• Diatomaceous Earth (a component in dynamite) ~ found in natural toothpastes, deodorant, absorbent powders, cuticle cream, and in mild-exfoliation products due to its gentle abrasiveness
  • Simethicone (gas relief drops) ~ used in cosmetics during the manufacturing process to reduce the surface tension of air or gas bubbles, causing them to collect and rise upward
  • Urea (formerly extracted from urine) ~ widely used in all manner of cosmetics as a skin-softener and humectant

[end of part 1]

GASP... don't forget to breathe

Q&A: Curly Afro (Part 2)

Q: thanks a lot for the suggestions. I think I am going to keep
twisting. But I did have a question. How do you make your own hair

~ Holly

A: Your very welcome, and...

I developed my own recipes from researching into herbology and basic
'homemade' body care product recipes. From looking at the results of the
recipes and tweaked it to my own standards.


A basic shampoo recipe is:

~1/2 cup of organic castile soap
~ 10 drops of essential oils (your choice)
~ 1 cup of water.

I looked at that recipe and realized that it wouldn't have enough base
or body for my kind of hair. So I researched into different types of
plants that would give my hair nutrients, body, and keep it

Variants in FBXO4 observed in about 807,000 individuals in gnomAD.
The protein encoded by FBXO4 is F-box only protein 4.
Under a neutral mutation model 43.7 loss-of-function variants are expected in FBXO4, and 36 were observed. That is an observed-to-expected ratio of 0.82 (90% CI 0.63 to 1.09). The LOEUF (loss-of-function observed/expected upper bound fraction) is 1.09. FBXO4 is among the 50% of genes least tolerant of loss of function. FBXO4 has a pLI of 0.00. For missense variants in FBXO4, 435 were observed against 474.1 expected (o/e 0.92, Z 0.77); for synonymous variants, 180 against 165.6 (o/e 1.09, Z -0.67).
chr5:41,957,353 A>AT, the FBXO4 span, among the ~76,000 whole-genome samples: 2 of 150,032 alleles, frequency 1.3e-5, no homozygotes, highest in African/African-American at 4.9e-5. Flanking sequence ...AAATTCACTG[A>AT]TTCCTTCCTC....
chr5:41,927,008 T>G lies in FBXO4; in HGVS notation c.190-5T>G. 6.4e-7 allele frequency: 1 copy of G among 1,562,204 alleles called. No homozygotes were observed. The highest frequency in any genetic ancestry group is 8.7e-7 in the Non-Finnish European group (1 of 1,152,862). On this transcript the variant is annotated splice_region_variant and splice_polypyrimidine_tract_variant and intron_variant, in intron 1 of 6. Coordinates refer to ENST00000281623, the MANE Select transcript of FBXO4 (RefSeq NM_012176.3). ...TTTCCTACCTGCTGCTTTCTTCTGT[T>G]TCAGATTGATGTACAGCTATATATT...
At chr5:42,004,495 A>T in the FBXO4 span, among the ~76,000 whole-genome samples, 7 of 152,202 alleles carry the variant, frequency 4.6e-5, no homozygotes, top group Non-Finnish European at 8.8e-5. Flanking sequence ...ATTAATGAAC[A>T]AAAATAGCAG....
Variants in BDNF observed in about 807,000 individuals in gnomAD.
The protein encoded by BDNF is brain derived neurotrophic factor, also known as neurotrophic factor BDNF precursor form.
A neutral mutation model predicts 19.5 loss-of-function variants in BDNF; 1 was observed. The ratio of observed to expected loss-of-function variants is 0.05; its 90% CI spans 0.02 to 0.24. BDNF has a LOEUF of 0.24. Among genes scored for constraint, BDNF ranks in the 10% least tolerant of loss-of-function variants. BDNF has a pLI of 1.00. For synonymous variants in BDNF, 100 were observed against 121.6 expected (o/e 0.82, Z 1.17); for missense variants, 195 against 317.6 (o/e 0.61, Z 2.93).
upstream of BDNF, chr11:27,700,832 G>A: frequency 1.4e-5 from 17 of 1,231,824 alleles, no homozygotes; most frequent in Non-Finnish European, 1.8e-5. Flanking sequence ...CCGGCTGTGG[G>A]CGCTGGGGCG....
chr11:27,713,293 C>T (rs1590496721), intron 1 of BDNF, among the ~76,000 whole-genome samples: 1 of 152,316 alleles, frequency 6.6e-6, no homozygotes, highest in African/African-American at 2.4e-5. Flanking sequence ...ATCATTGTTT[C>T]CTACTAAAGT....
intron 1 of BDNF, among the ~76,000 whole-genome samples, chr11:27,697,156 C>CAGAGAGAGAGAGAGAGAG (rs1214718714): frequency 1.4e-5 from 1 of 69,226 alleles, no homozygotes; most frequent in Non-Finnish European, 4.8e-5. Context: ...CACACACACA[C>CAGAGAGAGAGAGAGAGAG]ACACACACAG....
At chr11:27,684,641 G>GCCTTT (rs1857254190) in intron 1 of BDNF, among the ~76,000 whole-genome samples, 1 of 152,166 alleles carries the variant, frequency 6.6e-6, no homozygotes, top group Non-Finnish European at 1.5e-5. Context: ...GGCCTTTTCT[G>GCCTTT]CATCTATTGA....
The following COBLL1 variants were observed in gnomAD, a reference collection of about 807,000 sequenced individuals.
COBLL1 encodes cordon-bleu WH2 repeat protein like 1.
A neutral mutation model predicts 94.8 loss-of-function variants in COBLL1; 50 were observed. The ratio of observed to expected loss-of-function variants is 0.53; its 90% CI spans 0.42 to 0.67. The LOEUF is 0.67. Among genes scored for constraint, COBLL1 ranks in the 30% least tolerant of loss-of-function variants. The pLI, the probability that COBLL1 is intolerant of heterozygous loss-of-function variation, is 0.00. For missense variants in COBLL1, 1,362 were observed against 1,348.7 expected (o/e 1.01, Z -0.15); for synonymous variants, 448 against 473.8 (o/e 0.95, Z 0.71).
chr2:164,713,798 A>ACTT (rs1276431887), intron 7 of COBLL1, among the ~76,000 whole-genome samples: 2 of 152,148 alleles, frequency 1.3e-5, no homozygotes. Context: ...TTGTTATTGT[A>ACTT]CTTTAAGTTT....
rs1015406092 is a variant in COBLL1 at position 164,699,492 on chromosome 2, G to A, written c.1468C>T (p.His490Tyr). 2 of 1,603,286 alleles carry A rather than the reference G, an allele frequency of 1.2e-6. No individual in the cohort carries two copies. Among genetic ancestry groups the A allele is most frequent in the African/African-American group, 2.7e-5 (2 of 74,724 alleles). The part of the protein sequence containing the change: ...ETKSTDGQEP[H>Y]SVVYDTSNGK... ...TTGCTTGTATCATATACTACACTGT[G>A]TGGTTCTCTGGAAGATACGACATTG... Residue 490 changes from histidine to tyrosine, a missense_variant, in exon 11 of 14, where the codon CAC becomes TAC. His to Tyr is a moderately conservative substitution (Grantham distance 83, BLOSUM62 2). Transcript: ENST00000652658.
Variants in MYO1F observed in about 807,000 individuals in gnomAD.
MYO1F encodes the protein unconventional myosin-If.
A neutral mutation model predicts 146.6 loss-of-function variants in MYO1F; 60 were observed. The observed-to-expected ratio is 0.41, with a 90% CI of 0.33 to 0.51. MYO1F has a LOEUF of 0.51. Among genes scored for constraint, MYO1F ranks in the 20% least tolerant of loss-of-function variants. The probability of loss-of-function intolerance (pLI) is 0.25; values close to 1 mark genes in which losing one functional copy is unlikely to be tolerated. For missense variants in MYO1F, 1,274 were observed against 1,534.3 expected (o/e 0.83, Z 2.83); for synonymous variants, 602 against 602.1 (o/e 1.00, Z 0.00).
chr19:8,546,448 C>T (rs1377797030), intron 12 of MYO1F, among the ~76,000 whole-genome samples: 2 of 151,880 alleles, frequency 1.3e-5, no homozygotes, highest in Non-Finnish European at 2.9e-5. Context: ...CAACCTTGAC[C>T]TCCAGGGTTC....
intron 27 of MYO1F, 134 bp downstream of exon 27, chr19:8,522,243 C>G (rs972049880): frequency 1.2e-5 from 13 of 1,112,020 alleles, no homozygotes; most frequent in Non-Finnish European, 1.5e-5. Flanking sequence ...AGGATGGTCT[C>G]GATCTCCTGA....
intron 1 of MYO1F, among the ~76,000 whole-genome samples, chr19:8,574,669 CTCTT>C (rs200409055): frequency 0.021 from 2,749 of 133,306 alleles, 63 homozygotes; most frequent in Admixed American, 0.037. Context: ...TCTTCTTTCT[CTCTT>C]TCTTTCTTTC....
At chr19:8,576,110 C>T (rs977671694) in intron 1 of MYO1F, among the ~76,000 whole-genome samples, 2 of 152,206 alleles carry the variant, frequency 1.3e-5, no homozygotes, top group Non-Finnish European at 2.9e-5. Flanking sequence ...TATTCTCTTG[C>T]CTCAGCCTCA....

A great research starting point is...

"Beauty By Nature" by Brigitte Mars

She teaches you details about how your body works and techniques on how
to care for it. She also analyzes different herbs that are good for herbalist beginners (like, general herbs that you can find in grocery stores, local herb shops, etc). And shares some basic recipes.

The best hair care products that you could ever use, are ones that you make yourself from your own sun-infusing kitchen. Everyone has their own expectations on what a hair or body care product should do.

But here is another basic recipe:

* Hair food:
3/4 cup shea butter
10 drops of your choice of essential oils
add a cup of herbs (of your choice) to infuse into the oil mix. (then drain them before placing mixture in a container.

(Melt butter on the lowest heat, until butter is liquefied. Add in
essential oil. Then place mix in a container, put in fridge to harden)

At this time, I am not going to post up my recipes that I have been developing. But if you ever have any more questions, feel free to ask.

** Another tip, is to keep your products vegan and chemical-free for better results.

On a slightly other note...

If you are in the Seattle Area, in September. There's a Natural Hair Meet Up Group getting together
on the 20th. I'll be there and I will be giving a
presentation on things that I found out... if you want to come along, you can
holla at me

My AOL name is:
Pinky White01


and another good book is " the herbal spa" by Breedlove

Hope that I helped.


Natural and Nappy

Q&A: Curly Afro (Part 1)